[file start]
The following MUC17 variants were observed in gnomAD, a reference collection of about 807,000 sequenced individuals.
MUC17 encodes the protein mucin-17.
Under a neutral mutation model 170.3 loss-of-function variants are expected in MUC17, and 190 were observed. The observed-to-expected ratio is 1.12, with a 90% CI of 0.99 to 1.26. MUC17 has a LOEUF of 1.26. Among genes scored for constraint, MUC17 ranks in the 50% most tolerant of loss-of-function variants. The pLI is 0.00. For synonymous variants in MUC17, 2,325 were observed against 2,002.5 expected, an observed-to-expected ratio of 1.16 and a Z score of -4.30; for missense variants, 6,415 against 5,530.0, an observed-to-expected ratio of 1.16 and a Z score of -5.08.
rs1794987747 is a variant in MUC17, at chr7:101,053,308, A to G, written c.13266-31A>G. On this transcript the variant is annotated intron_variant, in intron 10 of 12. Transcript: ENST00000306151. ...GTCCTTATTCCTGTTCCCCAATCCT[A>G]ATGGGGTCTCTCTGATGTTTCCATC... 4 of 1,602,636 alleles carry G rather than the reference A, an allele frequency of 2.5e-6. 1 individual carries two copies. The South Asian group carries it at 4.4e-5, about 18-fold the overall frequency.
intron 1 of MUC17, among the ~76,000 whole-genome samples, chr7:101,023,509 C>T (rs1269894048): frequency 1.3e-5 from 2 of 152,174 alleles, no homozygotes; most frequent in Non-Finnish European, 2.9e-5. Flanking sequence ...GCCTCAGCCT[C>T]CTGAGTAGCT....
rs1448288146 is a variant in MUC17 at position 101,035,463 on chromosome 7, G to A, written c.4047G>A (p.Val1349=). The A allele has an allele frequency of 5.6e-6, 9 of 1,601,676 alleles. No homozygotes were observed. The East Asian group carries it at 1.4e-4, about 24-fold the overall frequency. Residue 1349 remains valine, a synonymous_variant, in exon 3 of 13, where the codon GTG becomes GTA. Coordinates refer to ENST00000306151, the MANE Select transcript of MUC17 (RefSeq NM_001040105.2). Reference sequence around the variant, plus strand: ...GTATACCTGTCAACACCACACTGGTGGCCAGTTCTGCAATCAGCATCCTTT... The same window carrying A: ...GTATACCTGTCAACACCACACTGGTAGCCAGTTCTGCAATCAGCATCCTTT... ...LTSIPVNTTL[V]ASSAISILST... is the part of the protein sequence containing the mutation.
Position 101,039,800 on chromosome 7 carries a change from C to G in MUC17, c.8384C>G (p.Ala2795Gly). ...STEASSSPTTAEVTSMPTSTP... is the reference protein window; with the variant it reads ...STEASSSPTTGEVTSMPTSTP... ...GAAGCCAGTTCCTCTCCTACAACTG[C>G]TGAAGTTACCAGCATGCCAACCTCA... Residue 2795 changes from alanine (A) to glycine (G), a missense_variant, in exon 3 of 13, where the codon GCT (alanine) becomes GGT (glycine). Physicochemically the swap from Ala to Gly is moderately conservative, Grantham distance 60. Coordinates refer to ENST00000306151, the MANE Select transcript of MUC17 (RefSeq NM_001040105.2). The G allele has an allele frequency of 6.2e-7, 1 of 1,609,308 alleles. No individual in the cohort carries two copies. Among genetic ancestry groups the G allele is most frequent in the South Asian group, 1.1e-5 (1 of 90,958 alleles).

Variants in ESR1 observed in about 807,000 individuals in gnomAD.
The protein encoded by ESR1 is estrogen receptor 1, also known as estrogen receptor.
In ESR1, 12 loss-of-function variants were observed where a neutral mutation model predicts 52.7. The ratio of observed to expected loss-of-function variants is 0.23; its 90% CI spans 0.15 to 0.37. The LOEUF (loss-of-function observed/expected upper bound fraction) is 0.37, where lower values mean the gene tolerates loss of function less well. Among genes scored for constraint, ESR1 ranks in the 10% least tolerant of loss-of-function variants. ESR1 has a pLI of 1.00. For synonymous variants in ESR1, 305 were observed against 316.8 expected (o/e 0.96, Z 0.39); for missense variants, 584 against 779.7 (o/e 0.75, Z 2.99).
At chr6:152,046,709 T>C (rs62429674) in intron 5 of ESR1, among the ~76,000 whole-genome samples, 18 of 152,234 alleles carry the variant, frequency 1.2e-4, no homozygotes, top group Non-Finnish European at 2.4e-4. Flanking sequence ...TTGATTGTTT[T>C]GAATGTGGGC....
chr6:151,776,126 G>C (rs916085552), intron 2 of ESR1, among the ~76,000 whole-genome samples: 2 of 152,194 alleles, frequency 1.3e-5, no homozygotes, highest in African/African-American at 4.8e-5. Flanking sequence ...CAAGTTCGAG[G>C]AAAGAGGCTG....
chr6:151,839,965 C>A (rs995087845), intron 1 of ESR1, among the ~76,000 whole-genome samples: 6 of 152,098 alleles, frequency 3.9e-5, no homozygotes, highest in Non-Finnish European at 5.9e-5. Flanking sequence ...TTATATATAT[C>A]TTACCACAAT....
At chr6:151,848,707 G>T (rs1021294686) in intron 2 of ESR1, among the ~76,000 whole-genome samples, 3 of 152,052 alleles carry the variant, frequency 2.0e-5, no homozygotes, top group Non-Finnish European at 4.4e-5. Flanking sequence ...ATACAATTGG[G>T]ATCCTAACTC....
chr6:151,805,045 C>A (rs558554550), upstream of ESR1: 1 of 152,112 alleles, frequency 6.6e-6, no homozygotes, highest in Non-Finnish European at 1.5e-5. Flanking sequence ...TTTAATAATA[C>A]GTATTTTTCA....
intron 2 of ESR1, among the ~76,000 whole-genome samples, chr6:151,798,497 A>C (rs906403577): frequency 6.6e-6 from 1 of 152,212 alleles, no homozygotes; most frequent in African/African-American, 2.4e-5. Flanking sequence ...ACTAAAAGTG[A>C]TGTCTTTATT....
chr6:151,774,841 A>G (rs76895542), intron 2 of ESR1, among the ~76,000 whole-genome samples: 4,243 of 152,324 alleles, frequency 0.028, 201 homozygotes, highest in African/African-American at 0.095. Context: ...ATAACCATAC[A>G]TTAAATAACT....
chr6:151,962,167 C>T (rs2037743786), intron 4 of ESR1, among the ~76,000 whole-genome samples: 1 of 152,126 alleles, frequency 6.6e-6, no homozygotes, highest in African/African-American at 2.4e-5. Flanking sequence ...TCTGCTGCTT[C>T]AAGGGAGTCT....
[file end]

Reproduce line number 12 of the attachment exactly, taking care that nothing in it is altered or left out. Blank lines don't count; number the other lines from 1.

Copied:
chr6:151,776,126 G>C (rs916085552), intron 2 of ESR1, among the ~76,000 whole-genome samples: 2 of 152,194 alleles, frequency 1.3e-5, no homozygotes, highest in African/African-American at 4.8e-5. Flanking sequence ...CAAGTTCGAG[G>C]AAAGAGGCTG....